Life, Love, and October 15th

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bananafish94

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Greetings,

As some of you may know, I first came to this forum nearly two years ago (wow!) absolutely despondent over the fact that I hadn't received any interviews by late October. It was frankly a pretty awful time for me, and the fact that two of my good pre-med friends got acceptances on October 15th while I had exactly nothing except rejections did not help much. So, suffice it to say that emotions run pretty high for everybody involved with the always joyous medical school application process at this point of the year. Some people will be getting amongst the best news of their life, some will be utterly disappointed, and some will be left still with the deafening silence. I've experienced all three!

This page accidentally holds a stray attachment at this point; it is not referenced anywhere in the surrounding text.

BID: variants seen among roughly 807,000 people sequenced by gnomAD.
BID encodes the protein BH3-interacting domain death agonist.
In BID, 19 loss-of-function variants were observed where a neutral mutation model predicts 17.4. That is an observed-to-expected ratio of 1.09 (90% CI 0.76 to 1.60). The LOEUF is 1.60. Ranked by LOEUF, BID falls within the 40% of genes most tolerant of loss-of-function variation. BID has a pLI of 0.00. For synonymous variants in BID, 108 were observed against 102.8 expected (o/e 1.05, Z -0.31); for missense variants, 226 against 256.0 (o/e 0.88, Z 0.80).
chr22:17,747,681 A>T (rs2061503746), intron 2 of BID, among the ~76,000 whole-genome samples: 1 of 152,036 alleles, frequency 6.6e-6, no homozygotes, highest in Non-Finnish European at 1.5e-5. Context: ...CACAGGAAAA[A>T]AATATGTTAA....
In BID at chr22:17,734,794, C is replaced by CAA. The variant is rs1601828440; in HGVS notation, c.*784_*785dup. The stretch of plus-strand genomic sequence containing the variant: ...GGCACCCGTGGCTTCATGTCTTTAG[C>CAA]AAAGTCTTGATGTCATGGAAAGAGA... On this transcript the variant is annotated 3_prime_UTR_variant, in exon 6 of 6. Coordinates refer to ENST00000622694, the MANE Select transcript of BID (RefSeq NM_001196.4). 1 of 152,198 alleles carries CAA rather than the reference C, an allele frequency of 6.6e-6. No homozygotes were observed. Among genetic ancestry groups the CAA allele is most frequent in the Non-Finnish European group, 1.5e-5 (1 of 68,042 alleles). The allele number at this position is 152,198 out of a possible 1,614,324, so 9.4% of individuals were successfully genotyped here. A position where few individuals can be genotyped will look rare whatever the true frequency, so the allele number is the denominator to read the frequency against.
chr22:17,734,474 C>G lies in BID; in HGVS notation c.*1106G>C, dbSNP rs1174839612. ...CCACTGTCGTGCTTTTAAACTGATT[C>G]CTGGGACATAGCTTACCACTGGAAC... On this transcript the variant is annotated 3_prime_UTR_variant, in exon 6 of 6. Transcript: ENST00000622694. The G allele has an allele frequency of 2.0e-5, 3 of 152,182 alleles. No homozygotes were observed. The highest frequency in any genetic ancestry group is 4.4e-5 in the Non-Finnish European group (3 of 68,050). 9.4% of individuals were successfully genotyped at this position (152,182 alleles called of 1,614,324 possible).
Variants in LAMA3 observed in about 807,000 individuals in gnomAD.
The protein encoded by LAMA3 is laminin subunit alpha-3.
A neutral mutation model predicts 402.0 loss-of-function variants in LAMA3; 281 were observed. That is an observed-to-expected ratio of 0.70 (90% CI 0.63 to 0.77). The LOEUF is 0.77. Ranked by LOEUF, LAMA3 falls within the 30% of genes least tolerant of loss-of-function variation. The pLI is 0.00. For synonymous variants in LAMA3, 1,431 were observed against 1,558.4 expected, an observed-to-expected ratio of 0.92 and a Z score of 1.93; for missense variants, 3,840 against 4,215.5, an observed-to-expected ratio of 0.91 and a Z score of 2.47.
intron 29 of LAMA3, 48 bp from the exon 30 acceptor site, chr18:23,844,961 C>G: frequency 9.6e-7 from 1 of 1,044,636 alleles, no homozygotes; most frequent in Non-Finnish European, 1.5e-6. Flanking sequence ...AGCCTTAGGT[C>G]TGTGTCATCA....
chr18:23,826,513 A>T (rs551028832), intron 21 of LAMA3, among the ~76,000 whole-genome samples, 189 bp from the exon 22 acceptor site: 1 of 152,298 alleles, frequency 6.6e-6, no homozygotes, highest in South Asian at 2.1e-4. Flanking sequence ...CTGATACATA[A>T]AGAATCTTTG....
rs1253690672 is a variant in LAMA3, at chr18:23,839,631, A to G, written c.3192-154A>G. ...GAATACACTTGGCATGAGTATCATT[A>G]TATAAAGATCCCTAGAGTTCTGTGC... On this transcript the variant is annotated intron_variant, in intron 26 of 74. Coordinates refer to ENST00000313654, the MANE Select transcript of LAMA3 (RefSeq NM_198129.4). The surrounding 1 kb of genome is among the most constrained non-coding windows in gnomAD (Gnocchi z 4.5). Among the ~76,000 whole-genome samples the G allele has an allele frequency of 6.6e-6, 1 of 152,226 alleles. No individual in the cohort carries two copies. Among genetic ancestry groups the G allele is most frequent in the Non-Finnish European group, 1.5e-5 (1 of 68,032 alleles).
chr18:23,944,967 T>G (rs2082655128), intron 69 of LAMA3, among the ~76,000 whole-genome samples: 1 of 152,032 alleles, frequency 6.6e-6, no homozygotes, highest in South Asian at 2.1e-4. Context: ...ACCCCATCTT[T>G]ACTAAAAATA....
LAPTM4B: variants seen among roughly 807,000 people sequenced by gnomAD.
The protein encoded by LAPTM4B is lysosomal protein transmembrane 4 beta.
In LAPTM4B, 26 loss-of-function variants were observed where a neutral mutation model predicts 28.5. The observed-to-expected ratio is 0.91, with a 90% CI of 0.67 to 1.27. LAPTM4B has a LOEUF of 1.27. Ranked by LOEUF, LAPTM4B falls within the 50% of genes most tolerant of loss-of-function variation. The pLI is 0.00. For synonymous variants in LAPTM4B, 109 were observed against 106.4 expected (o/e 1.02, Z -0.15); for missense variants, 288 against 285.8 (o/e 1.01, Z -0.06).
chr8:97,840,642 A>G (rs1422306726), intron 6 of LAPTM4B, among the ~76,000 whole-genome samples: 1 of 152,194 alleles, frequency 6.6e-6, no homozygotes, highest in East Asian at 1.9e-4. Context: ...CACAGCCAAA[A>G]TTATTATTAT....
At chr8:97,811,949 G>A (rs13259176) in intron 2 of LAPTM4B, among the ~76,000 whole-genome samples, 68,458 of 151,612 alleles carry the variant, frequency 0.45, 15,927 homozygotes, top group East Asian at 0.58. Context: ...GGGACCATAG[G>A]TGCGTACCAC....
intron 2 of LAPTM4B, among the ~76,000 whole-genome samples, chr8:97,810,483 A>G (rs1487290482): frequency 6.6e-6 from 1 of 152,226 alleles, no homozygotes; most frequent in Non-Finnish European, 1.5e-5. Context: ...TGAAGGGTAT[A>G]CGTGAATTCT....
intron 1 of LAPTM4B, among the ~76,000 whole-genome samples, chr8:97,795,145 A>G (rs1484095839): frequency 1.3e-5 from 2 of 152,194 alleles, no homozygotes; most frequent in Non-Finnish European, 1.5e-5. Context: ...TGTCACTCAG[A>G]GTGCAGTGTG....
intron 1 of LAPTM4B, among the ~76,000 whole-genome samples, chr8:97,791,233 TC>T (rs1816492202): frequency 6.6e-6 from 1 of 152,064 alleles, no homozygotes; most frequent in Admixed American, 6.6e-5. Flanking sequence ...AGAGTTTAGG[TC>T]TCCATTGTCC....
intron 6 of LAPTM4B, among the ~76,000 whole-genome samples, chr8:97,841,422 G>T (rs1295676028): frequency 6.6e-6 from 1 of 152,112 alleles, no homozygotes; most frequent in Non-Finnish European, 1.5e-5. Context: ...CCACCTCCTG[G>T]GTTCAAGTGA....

For those who get accepted:

Congratulations! Enjoy your well-earned success; it's a uniquely awesome experience. Try not to forget it.

For those who get waitlisted:

It blows. You can't sugarcoat it. It feels horrible, especially because it's much more personal now that they've met you, talked to you, and you're not just a number and some essays. I got waitlisted over and over and over again and each time still felt like a punch to the gut. However, there is good news. The waitlist is actually a waitlist, and they do move. Not at every school every year, but in general they do. It's not like when you were applying to college. I survived the waitlist game, and many others did too. One of my best friends recently got accepted to medical school in late June after attending an interview and getting waitlisted in March. The game is long.

For those who still haven't heard anything: